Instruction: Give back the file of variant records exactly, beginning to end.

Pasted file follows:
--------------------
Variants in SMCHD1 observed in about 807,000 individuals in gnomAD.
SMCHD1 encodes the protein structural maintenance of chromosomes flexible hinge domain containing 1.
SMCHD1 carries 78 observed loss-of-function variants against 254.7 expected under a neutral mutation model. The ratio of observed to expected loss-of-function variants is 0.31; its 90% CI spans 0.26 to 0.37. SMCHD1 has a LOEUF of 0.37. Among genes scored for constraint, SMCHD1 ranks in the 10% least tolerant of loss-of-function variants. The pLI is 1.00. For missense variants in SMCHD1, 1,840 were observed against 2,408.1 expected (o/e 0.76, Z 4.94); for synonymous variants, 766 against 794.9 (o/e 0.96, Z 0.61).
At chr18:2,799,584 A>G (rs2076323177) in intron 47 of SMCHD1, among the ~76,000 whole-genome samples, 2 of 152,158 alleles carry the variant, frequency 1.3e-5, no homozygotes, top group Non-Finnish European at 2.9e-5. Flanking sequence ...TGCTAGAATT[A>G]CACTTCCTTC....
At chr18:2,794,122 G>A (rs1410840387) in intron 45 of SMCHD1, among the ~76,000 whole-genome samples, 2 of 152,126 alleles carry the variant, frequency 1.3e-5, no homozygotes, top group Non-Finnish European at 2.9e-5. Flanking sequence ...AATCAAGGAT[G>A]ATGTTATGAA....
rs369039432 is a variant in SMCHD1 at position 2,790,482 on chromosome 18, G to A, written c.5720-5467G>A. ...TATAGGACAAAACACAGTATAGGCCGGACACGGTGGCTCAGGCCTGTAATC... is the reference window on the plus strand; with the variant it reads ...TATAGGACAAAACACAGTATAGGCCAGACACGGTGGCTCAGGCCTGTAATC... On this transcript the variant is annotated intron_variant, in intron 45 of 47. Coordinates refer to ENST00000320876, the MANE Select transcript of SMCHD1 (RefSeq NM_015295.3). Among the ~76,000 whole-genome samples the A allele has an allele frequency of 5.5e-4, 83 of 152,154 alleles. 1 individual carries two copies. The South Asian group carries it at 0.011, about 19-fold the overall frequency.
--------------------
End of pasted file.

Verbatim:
Variants in SMCHD1 observed in about 807,000 individuals in gnomAD.
SMCHD1 encodes the protein structural maintenance of chromosomes flexible hinge domain containing 1.
SMCHD1 carries 78 observed loss-of-function variants against 254.7 expected under a neutral mutation model. The ratio of observed to expected loss-of-function variants is 0.31; its 90% CI spans 0.26 to 0.37. SMCHD1 has a LOEUF of 0.37. Among genes scored for constraint, SMCHD1 ranks in the 10% least tolerant of loss-of-function variants. The pLI is 1.00. For missense variants in SMCHD1, 1,840 were observed against 2,408.1 expected (o/e 0.76, Z 4.94); for synonymous variants, 766 against 794.9 (o/e 0.96, Z 0.61).
At chr18:2,799,584 A>G (rs2076323177) in intron 47 of SMCHD1, among the ~76,000 whole-genome samples, 2 of 152,158 alleles carry the variant, frequency 1.3e-5, no homozygotes, top group Non-Finnish European at 2.9e-5. Flanking sequence ...TGCTAGAATT[A>G]CACTTCCTTC....
At chr18:2,794,122 G>A (rs1410840387) in intron 45 of SMCHD1, among the ~76,000 whole-genome samples, 2 of 152,126 alleles carry the variant, frequency 1.3e-5, no homozygotes, top group Non-Finnish European at 2.9e-5. Flanking sequence ...AATCAAGGAT[G>A]ATGTTATGAA....
rs369039432 is a variant in SMCHD1 at position 2,790,482 on chromosome 18, G to A, written c.5720-5467G>A. ...TATAGGACAAAACACAGTATAGGCCGGACACGGTGGCTCAGGCCTGTAATC... is the reference window on the plus strand; with the variant it reads ...TATAGGACAAAACACAGTATAGGCCAGACACGGTGGCTCAGGCCTGTAATC... On this transcript the variant is annotated intron_variant, in intron 45 of 47. Coordinates refer to ENST00000320876, the MANE Select transcript of SMCHD1 (RefSeq NM_015295.3). Among the ~76,000 whole-genome samples the A allele has an allele frequency of 5.5e-4, 83 of 152,154 alleles. 1 individual carries two copies. The South Asian group carries it at 0.011, about 19-fold the overall frequency.